From: Andy Soos, ENN
Published October 11, 2011 05:09 PM

Lake Ellsworth

Next week a British engineering team heads off to Antarctica for the first stage of an ambitious scientific mission to collect water and sediment samples from a lake buried beneath three kilometers of solid ice. This extraordinary research project, at the frontier of exploration, will yield new knowledge about the evolution of life on Earth and other planets, and will provide vital clues about the Earth’s past climate. This is one of the most remote and hostile environments on Earth with –25°C temperatures. Their task is to prepare the way for the deep-field research mission that will take place one year later. In October 2012 a team of 10 scientists and engineers, which includes academics from the University of Bristol, will use state of the art hot-water drilling technology to make a three kilometer bore hole through the ice. They will then lower a titanium probe to measure and sample the water followed by a corer to extract sediment from the lake. Lake Ellsworth is likely to be the first of Antarctica’s 387 known subglacial lakes to be measured and sampled directly through the design and manufacture of space-industry standard clean technology.


Lake Ellsworth is a subglacial lake located in West Antarctica under approximately 3.4 km of ice. It is approximately 10 km long and is estimated to be tens of meters in depth. It is strongly considered as a site for direct exploration due to the possibility that it may harbor unique life forms as well as its relatively easy accessibility. The lake is named for the American explorer Lincoln Ellsworth.

There are many other buried lakes such as Lake Vostok (the largest), Lake Sovetskaya, and Lake Concordia.

This particular lake, which is about six miles long and thirty feet deep, has been chosen because it's one of the easiest subglacial lakes to access - relatively speaking, of course - and scientists believe it's one of the best candidates to harbor unique forms of microbial life that have evolved in the half a million years of isolation and darkness.

Dr David Pearce, Science Coordinator at British Antarctic Survey, is part of the team leading the search for life in the lake water.  He says: "Finding life in a lake that could have been isolated from the rest of the biosphere for up to half a million years will tell us so much about the potential origin of and constraints for life on Earth, and may provide clues to the evolution of life on other extraterrestrial environments.  If we find nothing this will be even more significant because it will define limits at which life can no longer exist on the planet."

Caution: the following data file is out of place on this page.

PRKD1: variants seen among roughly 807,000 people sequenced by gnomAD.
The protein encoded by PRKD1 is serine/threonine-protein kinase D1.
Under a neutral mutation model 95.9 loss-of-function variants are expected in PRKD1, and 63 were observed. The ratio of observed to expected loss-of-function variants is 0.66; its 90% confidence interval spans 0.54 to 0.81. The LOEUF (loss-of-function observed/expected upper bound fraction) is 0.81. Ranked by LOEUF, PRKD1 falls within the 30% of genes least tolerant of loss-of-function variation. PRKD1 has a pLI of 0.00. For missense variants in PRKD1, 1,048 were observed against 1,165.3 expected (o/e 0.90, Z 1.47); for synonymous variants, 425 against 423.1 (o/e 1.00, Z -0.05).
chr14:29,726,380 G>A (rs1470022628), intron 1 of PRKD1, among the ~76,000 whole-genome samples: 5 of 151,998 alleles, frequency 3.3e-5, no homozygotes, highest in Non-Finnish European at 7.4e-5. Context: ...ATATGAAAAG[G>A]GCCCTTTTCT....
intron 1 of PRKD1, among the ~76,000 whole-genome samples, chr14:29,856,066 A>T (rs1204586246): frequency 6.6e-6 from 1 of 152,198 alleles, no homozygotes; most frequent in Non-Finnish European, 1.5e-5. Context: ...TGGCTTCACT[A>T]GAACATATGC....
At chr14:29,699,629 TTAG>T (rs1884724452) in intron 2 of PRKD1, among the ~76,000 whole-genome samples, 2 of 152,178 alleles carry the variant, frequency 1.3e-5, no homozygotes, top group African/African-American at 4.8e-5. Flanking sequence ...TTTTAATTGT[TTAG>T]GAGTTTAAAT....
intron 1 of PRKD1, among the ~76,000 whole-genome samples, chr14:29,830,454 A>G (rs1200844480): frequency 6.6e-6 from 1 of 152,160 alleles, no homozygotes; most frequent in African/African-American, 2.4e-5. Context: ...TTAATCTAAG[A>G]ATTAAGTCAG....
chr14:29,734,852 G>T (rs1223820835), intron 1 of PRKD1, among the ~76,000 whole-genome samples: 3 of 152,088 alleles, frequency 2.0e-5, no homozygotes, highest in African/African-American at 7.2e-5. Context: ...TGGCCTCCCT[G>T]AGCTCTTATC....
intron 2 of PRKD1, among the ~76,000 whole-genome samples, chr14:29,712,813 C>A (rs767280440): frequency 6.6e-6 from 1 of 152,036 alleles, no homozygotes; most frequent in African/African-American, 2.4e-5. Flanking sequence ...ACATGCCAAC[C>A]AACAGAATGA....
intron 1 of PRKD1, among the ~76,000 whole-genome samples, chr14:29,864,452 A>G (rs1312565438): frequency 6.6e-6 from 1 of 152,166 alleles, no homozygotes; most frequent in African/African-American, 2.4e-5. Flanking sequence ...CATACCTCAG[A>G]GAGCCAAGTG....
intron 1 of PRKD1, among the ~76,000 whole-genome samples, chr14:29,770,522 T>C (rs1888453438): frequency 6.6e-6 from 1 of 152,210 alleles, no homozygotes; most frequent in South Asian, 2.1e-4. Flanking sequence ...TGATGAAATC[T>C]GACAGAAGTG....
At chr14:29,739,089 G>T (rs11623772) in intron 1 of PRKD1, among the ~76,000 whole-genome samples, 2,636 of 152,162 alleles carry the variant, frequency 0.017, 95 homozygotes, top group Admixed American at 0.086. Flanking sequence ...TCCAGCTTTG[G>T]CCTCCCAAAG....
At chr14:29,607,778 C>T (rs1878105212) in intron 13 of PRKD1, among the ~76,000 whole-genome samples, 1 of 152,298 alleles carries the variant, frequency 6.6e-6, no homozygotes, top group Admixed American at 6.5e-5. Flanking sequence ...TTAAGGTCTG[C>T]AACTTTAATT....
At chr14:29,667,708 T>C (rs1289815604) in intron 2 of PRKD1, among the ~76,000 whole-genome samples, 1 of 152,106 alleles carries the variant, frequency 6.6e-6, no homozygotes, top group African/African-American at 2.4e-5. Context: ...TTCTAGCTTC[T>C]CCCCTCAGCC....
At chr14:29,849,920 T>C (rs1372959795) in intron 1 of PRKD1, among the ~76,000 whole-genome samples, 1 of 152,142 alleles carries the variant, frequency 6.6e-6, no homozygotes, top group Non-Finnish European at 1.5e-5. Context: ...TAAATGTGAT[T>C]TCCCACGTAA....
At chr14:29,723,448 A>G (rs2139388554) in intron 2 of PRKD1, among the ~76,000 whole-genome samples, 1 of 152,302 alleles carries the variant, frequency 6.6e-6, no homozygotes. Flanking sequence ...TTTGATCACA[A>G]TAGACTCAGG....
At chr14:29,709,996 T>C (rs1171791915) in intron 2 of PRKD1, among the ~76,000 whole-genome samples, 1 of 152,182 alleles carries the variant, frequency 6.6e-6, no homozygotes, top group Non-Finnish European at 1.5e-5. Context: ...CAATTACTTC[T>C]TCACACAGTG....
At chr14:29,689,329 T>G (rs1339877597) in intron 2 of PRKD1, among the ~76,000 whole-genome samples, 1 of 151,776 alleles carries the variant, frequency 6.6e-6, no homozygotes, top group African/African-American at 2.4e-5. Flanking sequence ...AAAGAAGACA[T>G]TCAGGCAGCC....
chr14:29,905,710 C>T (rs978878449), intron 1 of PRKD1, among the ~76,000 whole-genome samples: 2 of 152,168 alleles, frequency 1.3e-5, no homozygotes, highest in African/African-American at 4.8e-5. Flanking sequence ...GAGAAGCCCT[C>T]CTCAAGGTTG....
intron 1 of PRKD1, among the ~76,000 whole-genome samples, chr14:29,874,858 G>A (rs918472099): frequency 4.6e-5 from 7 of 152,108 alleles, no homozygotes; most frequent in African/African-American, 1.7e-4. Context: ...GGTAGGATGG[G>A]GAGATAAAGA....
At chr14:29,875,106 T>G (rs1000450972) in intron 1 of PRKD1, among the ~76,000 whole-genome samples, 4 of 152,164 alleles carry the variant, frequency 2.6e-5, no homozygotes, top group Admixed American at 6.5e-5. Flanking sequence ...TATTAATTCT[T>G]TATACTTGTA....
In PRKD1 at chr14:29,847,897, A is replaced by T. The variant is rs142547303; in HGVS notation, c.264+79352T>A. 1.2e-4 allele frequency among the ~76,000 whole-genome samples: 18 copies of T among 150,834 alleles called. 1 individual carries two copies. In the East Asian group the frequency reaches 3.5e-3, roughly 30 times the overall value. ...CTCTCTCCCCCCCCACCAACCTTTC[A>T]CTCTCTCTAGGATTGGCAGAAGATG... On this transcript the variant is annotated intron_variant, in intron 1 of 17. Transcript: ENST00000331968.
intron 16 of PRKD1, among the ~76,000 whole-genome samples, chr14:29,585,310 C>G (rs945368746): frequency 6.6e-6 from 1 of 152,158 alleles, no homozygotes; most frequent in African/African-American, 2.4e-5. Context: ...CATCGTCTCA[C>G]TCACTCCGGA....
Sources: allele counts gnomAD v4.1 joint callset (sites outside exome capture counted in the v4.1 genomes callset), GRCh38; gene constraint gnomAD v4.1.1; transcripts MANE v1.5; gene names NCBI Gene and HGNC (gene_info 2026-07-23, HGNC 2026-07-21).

The unique five meter long water sampling probe was designed and built by engineers at the National Oceanography Centre in Southampton. Made of the highest grade of titanium to ensure maximum sterility and strength, it will collect 24 water samples at different lake depths. It will also capture the top layer of sediments at the lake-floor / water interface.

Professor Tranter said: "We already know what the chemical composition of ice melting into the lake is, and so we hope to infer the types of chemical processes that are occurring in the lake by comparison of the lake water with the ice melt. We are confident that some of the chemical differences will be as a consequence of microbial processes, and so we can help prove that microbial life is active biogeochemically beneath Antarctica. We also hope to conduct some simple experiments on the mud on the lake floor, in collaboration with Professor Mike Bentley, to see how chemically reactive it is, and how much solute it can provide to the lake over time. We can then work out how quickly water flows through the lake on the basis of how much salt is contained in the lake water, relative to the melting ice and the solute in the mud pore waters."

Scientists at British Antarctic Survey and Durham University, working in partnership with Austrian business UWITEC, have designed and built a sediment corer, which can extract a core up to three meters long.  The unique percussion-driven piston corer is strong enough to penetrate even the most compacted glacial sediments to extract a core sample.

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